Keep on stretching
In a previous life, I taught group fitness classes. Quite a lot of them. Not just the modern offerings such as Body Pump and Body Attack but even the old aerobic classes like New Body and HiEnergy.
One of the benefits of teaching three, four or five classes a day – trust me, there aren’t many – is that at the end of class we’d stretch and cool down. Which amounts to four or five stretch sessions a day.
Fast forward to Crazy Town 2012 and I find myself bolting out of the gym after a hard training session with the only thing having been stretched being my patience when I’m stuck in traffic rushing to my next appointment.
But it’s a trap: not only do we stretch less as we get busier, our bodies also become less flexible naturally. And if we’re not careful, we’ll find ourselves down on all fours every time we need to pick something up off the floor, resulting in a loss of dignity on top of the lost flexibility.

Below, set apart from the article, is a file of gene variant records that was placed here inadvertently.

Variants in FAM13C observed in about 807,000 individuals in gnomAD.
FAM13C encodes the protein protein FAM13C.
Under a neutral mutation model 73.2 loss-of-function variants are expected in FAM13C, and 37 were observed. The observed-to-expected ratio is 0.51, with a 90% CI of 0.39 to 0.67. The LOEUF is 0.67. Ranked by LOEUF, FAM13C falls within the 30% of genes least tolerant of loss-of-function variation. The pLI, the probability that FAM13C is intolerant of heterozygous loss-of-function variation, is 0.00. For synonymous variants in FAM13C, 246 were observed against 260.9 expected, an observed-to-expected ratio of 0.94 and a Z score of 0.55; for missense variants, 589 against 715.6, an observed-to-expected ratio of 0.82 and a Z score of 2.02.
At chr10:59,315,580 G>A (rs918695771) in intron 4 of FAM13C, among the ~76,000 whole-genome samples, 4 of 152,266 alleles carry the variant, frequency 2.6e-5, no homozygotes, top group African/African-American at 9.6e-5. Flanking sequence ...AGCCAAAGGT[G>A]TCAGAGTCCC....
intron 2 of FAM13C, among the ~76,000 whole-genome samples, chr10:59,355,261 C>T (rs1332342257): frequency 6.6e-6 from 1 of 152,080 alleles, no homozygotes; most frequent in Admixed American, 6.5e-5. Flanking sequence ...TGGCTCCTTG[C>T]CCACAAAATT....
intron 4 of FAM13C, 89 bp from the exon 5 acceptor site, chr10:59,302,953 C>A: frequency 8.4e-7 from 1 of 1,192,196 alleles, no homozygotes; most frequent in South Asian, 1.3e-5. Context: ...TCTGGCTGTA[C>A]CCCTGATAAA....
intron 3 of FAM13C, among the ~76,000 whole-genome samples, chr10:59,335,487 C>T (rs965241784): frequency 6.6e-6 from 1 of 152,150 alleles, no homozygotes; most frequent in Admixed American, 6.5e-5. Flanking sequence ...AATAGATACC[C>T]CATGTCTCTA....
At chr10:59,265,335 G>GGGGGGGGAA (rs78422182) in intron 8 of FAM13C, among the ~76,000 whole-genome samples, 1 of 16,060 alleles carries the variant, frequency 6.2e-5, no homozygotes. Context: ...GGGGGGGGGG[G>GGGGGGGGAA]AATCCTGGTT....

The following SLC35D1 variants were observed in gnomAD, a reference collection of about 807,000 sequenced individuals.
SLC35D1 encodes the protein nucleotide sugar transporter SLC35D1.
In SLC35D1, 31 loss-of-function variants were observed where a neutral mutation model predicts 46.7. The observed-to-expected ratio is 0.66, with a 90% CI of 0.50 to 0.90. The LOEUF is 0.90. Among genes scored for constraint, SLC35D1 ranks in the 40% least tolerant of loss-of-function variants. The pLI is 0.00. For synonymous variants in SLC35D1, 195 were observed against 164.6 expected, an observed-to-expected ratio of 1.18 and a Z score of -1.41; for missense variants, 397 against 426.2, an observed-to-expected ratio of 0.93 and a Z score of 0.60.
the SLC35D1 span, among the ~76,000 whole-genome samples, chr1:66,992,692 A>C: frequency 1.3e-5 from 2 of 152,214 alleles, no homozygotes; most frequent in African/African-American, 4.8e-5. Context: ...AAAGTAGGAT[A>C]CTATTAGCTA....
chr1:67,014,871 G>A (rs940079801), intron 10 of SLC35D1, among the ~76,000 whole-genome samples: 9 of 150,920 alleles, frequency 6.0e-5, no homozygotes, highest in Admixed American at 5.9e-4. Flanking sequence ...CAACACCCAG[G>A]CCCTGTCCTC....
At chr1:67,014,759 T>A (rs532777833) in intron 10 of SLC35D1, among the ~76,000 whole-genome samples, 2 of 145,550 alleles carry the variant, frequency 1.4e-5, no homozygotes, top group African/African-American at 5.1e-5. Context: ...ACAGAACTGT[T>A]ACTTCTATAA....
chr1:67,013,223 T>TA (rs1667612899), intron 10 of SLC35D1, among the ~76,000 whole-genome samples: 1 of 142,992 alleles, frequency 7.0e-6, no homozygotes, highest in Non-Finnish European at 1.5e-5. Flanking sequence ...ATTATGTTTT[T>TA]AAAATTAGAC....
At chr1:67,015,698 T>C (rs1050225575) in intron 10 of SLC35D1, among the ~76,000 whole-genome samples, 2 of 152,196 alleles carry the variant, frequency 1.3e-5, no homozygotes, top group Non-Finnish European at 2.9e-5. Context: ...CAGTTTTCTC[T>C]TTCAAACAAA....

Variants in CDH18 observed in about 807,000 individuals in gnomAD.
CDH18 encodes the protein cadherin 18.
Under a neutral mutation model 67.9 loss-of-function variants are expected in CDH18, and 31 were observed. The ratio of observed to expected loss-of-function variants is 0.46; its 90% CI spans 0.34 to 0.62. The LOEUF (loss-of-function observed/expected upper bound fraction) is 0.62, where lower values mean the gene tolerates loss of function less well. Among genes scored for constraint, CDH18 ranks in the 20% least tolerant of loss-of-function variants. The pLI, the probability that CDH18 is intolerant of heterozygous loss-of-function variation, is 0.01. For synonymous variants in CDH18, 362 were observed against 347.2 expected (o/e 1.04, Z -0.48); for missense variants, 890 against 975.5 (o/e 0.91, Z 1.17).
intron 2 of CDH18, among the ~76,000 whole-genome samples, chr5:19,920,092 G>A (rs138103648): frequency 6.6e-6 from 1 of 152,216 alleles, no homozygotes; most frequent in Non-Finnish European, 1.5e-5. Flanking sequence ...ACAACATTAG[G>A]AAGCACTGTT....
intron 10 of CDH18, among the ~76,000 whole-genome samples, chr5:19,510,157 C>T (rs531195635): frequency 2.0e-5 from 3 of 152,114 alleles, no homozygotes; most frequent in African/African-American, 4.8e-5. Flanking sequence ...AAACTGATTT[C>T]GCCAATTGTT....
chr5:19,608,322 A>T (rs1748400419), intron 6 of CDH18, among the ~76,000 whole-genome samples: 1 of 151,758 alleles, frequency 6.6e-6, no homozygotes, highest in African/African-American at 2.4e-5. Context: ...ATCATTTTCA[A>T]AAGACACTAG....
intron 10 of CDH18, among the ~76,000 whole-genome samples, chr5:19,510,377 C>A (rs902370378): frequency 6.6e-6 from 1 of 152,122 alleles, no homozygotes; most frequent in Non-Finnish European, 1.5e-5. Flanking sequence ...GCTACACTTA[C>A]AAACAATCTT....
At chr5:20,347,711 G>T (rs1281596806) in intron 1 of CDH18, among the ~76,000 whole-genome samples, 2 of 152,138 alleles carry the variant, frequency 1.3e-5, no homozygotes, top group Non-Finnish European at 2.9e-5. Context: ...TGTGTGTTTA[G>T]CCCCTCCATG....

Flexibility is particularly important when we start to get older.
This is because flexibility and mobility are inextricably linked. Don’t get me wrong – flexibility and mobility are not the same thing. Flexibility describes the ability of your joints and muscles to go through a range of movement, and mobility describes your muscles actively taking them through that range of movement. But the outcome is the same, it’s about your ability to get around and do stuff.
Regular stretching is, of course, the key. It doesn’t take long for your range of movement to reduce, particularly if you have a sedentary lifestyle. So make yourself put just five minutes aside to stretch at the end of each workout, walk, swim or whatever.
Don’t forget that as we age, the collagen structure changes in our connective tissues, it cross-links and gets in a mess generally, shortening and reducing our range of movement in the process, so get stretching into your routine for the long term.